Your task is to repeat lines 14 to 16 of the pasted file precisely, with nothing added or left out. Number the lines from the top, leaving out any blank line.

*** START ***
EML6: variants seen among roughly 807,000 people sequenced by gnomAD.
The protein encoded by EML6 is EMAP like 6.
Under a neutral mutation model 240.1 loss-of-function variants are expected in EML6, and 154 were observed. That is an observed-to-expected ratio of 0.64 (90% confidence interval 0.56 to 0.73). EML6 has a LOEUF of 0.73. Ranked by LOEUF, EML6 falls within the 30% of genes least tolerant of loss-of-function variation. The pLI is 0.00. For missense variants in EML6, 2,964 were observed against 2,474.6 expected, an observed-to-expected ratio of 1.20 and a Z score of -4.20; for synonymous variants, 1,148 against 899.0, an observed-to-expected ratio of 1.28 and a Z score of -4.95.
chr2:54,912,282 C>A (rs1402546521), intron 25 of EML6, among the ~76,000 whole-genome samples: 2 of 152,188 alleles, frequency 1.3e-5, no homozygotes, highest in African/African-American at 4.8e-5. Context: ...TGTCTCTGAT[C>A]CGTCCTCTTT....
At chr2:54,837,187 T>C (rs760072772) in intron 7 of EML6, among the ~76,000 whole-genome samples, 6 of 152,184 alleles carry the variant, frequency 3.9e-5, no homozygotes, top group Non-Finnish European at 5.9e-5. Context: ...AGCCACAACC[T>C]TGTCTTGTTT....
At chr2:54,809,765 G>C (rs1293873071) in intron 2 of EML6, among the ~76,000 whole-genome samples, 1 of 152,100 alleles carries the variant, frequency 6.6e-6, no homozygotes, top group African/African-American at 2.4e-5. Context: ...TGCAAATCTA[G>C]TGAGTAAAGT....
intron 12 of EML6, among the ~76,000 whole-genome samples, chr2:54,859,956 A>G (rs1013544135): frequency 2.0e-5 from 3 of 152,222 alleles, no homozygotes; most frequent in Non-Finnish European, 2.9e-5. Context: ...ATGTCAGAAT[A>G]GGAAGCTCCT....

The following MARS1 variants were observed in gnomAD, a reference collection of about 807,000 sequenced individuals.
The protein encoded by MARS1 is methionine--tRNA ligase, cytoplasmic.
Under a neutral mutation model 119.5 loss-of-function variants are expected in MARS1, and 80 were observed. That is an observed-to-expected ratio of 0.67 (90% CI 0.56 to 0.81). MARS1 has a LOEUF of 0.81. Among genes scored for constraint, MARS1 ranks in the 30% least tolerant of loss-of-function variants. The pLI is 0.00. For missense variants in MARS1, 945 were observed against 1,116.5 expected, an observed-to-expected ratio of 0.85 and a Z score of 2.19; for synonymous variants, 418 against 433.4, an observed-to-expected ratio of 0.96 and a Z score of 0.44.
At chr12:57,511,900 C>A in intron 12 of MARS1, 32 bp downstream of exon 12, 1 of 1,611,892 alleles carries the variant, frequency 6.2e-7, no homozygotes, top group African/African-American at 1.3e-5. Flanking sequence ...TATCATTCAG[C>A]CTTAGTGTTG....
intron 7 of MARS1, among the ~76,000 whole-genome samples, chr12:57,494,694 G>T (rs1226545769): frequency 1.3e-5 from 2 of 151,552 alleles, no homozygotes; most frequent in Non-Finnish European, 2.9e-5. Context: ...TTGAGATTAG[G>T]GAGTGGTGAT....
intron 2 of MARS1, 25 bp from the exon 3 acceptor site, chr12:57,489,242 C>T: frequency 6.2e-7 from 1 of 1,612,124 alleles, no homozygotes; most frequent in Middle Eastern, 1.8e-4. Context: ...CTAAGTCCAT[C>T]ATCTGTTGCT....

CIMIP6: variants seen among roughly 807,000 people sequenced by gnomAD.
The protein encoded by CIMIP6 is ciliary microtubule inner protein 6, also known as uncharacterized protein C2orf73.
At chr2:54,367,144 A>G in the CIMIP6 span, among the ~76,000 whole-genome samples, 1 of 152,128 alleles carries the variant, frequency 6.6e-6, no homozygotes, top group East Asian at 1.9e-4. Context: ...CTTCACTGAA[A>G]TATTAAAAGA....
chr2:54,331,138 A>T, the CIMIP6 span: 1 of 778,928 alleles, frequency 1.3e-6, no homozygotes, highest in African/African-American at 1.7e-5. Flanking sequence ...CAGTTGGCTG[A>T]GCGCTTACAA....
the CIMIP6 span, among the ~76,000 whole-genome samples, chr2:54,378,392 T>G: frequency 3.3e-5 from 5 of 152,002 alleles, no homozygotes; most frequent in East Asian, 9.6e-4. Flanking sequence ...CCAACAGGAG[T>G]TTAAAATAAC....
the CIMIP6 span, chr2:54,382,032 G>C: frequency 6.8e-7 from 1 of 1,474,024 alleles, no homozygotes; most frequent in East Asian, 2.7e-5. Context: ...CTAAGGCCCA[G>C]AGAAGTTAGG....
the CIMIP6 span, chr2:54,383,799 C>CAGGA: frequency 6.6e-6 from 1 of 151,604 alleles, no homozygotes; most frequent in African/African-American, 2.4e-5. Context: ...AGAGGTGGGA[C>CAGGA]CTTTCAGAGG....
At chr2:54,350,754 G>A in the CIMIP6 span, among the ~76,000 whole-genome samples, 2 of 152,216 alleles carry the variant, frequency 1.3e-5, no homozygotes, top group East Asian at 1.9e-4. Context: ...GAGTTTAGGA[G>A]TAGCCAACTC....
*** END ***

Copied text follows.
CIMIP6: variants seen among roughly 807,000 people sequenced by gnomAD.
The protein encoded by CIMIP6 is ciliary microtubule inner protein 6, also known as uncharacterized protein C2orf73.
At chr2:54,367,144 A>G in the CIMIP6 span, among the ~76,000 whole-genome samples, 1 of 152,128 alleles carries the variant, frequency 6.6e-6, no homozygotes, top group East Asian at 1.9e-4. Context: ...CTTCACTGAA[A>G]TATTAAAAGA....